Welcome to eecs 354 network penetration and security
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Welcome to EECS 354 Network Penetration and Security. Why Computer Security. The past decade has seen an explosion in the concern for the security of information Malicious codes (viruses, worms, etc.) caused over $28 billion in economic losses in 2003, and will grow to over $75 billion by 2007

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Welcome to eecs 354 network penetration and security

Welcome to EECS 354Network Penetration and Security

Why computer security
Why Computer Security

  • The past decade has seen an explosion in the concern for the security of information

    • Malicious codes (viruses, worms, etc.) caused over $28 billion in economic losses in 2003, and will grow to over $75 billion by 2007

  • Jobs and salaries for technology professionals have lessened in recent years. BUT …

  • Security specialists markets are expanding !

    • “ Full-time information security professionals will rise almost 14% per year around the world, going past 2.1 million in 2008” (IDC report)

Why computer security cont d
Why Computer Security (cont’d)

  • Internet attacks are increasing in frequency, severity and sophistication

  • Denial of service (DoS) attacks

    • Cost $1.2 billion in 2000

    • 1999 CSI/FBI survey 32% of respondents detected DoS attacks directed to their systems

    • Thousands of attacks per week in 2001

    • Yahoo, Amazon, eBay, Microsoft, White House, etc., attacked

Why computer security cont d1
Why Computer Security (cont’d)

  • Virus and worms faster and powerful

    • Melissa, Nimda, Code Red, Code Red II, Slammer …

    • Cause over $28 billion in economic losses in 2003, growing to over $75 billion in economic losses by 2007.

    • Code Red (2001): 13 hours infected >360K machines - $2.4 billion loss

    • Slammer (2003): 10 minutes infected > 75K machines - $1 billion loss

  • Spams, phishing …

  • New Internet security landscape emerging: BOTNETS !


  • Instructors

    Sam Mc

    Yan Chen (ychen@cs.northwestern.edu),

  • TA


Why learn to hack
Why Learn to Hack

  • If you can break into computer systems, then you can defend computer systems.

    • The fundamental idea is to learn how to think as an attacker.

    • Defense then becomes second-nature.

  • “The devil is in the details.”

    • Only by understanding low-level details of vulnerabilities and attacks is it possible to avoid the introduction of similar flaws and to design effective protection mechanisms.


  • Instructors

    Sam McIngvale (CS alumni)

    Jim Spadaro (undergrad)

    Whitney Young (to be CS alumni)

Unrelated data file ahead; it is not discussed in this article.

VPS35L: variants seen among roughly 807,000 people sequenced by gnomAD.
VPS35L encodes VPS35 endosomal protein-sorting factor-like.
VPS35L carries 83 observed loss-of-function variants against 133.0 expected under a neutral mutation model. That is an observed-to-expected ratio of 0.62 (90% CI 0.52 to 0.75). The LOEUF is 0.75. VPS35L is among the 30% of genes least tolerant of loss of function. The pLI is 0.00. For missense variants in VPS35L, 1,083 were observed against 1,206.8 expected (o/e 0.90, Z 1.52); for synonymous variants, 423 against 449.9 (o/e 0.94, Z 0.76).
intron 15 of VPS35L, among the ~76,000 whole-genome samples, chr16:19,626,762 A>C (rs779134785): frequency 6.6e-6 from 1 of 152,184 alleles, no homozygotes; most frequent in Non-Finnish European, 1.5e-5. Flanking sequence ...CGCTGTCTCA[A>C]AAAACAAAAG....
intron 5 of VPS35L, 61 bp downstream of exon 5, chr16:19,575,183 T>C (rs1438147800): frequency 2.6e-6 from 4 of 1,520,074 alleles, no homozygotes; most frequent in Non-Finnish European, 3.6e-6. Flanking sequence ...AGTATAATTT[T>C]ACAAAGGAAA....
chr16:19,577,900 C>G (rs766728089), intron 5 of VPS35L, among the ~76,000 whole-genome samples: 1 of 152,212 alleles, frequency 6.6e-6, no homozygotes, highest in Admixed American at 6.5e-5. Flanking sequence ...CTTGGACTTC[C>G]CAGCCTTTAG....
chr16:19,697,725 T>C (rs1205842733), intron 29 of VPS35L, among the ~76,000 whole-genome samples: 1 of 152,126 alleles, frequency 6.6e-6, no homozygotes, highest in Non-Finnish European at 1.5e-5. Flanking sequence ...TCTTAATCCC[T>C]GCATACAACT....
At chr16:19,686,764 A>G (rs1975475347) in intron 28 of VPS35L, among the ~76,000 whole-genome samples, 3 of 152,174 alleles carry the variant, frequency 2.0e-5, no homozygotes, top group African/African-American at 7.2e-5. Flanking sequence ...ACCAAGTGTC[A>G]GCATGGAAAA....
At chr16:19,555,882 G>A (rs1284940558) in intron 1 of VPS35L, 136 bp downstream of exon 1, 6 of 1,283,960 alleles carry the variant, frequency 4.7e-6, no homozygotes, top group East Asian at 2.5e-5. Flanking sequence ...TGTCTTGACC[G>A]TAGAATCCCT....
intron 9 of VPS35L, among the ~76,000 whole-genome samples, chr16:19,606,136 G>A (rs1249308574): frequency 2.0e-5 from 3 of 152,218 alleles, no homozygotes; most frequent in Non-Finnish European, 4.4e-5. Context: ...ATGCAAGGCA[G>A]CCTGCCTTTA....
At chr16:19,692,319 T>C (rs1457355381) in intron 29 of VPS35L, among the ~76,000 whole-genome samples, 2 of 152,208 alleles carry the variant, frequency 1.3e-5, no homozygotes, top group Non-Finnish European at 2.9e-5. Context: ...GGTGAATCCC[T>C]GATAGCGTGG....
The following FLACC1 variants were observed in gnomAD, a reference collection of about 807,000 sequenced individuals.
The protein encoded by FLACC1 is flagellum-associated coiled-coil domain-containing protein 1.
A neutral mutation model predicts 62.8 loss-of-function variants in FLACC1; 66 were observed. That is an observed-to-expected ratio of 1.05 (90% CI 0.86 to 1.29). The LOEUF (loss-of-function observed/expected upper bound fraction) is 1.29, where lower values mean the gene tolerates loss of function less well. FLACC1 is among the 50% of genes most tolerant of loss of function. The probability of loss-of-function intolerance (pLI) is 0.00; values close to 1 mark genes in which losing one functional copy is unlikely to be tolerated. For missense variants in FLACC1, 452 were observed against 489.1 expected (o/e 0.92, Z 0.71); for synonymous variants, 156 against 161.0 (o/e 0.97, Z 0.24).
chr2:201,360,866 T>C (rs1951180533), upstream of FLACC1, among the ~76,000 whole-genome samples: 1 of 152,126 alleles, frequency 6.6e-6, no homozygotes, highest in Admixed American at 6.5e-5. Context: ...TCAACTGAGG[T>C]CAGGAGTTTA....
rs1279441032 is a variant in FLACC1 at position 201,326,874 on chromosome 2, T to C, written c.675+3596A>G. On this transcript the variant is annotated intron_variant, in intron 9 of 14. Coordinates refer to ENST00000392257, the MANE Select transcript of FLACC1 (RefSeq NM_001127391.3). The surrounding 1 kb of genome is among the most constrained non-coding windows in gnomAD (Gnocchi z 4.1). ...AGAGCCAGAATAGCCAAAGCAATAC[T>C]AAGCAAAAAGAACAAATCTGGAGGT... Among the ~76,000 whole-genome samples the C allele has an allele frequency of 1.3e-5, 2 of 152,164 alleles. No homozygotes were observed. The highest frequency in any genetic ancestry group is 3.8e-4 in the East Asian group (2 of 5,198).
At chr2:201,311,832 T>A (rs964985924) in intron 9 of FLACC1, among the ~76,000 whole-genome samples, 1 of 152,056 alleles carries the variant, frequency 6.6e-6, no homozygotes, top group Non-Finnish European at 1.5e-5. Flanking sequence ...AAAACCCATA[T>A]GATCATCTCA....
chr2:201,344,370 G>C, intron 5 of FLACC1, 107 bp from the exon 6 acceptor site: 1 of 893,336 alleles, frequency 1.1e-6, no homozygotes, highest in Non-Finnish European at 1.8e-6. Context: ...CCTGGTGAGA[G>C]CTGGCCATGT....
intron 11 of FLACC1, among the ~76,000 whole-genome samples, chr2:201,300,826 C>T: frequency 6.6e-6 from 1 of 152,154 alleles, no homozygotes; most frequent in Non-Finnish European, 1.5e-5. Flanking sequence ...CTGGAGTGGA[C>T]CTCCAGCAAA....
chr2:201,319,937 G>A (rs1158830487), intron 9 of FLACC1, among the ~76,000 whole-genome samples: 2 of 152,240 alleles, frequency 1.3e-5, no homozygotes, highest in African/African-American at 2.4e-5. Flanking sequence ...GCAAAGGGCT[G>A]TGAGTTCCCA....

Yan Chen

  • TA


Course overview
Course Overview

  • This course will emphasize the practical security techniques rather than the theory

    • Complementary to EECS 350 “Intro to Computer Security” and EECS 450 “Internet Security” research course

  • Satisfy the project course requirement for undergrads

  • Security has become one of the depth areas for CS major requirements

  • Satisfy the breadth requirement for system Ph.D. students

Course objective
Course Objective

  • Be able to identify basic vulnerabilities in software systems and design corresponding protection mechanisms

  • Be able to use some important and popular security tools for network/system vulnerability discovery and risk assessment

  • Be able to use configure a computer/network with current security software, e.g., firewalls, intrusion detection systems (IDS)

  • Compete in the international Capture the Flag competition

Course contents
Course Contents

  • Shellcode

  • Buffer Overflows, Heap Overflows

  • Format Strings

  • Web Attacks

    • SQL injection and Shell attacks

    • Cross Site Scripting (XXS)

  • Using Metasploit for Penetration

  • Firewalls and IDSs

  • Wireshark and Finding Illegal Users

    • Looking at tcpdump data with Wireshark

Course contents cont d
Course Contents (cont’d)

  • Reverse Engineering

    • Reverse engineering compiled code

    • Reverse engineering byetcode

  • Windows Hacking

    • Differences between Windows and Linux

    • Example Windows vulnerabilities

Prerequisites and course materials
Prerequisites and Course Materials

  • Required: EECS 213 or (ECE 205 and 231) or any equivalent operating systems introductory courses

  • Highly Recommended: networking (EECS 340) and OS (EECS 343) or having some familiarity with Unix systems programming

  • No textbooks – all readings will come from handouts


  • No exams for this class.

  • Participation in CTF and Practice Competitions is mandatory

    • Date: December

  • Participation 25%

    • RTFM classes are very interactive. Students should come to class prepared and ready to participate.

  • Homework 30%

    • Students will be expected to complete weekly hacking assignments.

  • Competition 20%

  • Group Project 25%


  • Slides will be made online prior to each class

  • Web page:


  • Newsgroup on Google Groups: Network Penetration and Security